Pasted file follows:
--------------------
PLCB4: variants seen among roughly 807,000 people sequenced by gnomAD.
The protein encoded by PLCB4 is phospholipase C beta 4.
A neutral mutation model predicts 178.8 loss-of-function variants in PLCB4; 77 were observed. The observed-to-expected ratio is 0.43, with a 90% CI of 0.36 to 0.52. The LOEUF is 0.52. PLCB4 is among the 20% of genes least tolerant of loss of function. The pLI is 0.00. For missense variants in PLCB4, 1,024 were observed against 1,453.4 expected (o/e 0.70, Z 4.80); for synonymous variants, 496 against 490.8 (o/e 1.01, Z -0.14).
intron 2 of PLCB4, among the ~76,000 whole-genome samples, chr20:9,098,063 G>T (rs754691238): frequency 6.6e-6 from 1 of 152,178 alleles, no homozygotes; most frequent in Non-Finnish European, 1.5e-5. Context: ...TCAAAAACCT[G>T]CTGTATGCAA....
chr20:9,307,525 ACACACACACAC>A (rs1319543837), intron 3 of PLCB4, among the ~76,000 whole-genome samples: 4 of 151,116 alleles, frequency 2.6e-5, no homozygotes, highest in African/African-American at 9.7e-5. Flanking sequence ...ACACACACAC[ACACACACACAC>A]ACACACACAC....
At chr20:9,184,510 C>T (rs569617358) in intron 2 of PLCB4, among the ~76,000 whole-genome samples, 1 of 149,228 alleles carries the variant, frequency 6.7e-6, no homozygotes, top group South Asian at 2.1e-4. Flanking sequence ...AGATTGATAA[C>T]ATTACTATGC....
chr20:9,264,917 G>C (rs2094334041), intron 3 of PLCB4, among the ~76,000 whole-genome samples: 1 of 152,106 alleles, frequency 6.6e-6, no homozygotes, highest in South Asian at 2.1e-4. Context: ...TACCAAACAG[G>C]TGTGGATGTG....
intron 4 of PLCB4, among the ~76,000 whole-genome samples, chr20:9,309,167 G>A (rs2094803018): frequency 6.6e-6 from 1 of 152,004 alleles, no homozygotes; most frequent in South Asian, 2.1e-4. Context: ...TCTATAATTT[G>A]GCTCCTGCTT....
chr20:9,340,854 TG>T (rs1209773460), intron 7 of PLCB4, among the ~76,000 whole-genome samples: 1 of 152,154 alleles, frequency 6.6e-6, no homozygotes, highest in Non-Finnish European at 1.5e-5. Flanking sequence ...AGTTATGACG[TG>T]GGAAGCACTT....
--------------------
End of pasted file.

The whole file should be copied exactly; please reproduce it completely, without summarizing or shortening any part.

PLCB4: variants seen among roughly 807,000 people sequenced by gnomAD.
The protein encoded by PLCB4 is phospholipase C beta 4.
A neutral mutation model predicts 178.8 loss-of-function variants in PLCB4; 77 were observed. The observed-to-expected ratio is 0.43, with a 90% CI of 0.36 to 0.52. The LOEUF is 0.52. PLCB4 is among the 20% of genes least tolerant of loss of function. The pLI is 0.00. For missense variants in PLCB4, 1,024 were observed against 1,453.4 expected (o/e 0.70, Z 4.80); for synonymous variants, 496 against 490.8 (o/e 1.01, Z -0.14).
intron 2 of PLCB4, among the ~76,000 whole-genome samples, chr20:9,098,063 G>T (rs754691238): frequency 6.6e-6 from 1 of 152,178 alleles, no homozygotes; most frequent in Non-Finnish European, 1.5e-5. Context: ...TCAAAAACCT[G>T]CTGTATGCAA....
chr20:9,307,525 ACACACACACAC>A (rs1319543837), intron 3 of PLCB4, among the ~76,000 whole-genome samples: 4 of 151,116 alleles, frequency 2.6e-5, no homozygotes, highest in African/African-American at 9.7e-5. Flanking sequence ...ACACACACAC[ACACACACACAC>A]ACACACACAC....
At chr20:9,184,510 C>T (rs569617358) in intron 2 of PLCB4, among the ~76,000 whole-genome samples, 1 of 149,228 alleles carries the variant, frequency 6.7e-6, no homozygotes, top group South Asian at 2.1e-4. Flanking sequence ...AGATTGATAA[C>T]ATTACTATGC....
chr20:9,264,917 G>C (rs2094334041), intron 3 of PLCB4, among the ~76,000 whole-genome samples: 1 of 152,106 alleles, frequency 6.6e-6, no homozygotes, highest in South Asian at 2.1e-4. Context: ...TACCAAACAG[G>C]TGTGGATGTG....
intron 4 of PLCB4, among the ~76,000 whole-genome samples, chr20:9,309,167 G>A (rs2094803018): frequency 6.6e-6 from 1 of 152,004 alleles, no homozygotes; most frequent in South Asian, 2.1e-4. Context: ...TCTATAATTT[G>A]GCTCCTGCTT....
chr20:9,340,854 TG>T (rs1209773460), intron 7 of PLCB4, among the ~76,000 whole-genome samples: 1 of 152,154 alleles, frequency 6.6e-6, no homozygotes, highest in Non-Finnish European at 1.5e-5. Flanking sequence ...AGTTATGACG[TG>T]GGAAGCACTT....